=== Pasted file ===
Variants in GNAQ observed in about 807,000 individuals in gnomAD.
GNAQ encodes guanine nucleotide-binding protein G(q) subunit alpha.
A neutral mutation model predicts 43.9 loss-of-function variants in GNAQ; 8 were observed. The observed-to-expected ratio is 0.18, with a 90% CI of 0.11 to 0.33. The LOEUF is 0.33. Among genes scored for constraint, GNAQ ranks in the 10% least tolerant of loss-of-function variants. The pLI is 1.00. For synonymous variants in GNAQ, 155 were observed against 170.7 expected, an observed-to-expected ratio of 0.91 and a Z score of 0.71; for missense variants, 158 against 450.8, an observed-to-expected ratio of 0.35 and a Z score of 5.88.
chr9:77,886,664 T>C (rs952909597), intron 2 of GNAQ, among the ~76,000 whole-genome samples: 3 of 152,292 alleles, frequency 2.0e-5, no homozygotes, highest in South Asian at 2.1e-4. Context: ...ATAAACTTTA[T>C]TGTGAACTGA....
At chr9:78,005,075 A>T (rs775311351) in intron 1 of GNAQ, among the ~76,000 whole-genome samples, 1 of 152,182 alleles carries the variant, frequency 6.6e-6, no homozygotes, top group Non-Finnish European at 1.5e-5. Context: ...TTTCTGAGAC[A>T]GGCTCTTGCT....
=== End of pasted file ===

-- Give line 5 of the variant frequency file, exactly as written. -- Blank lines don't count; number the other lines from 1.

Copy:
At chr9:78,005,075 A>T (rs775311351) in intron 1 of GNAQ, among the ~76,000 whole-genome samples, 1 of 152,182 alleles carries the variant, frequency 6.6e-6, no homozygotes, top group Non-Finnish European at 1.5e-5. Context: ...TTTCTGAGAC[A>T]GGCTCTTGCT....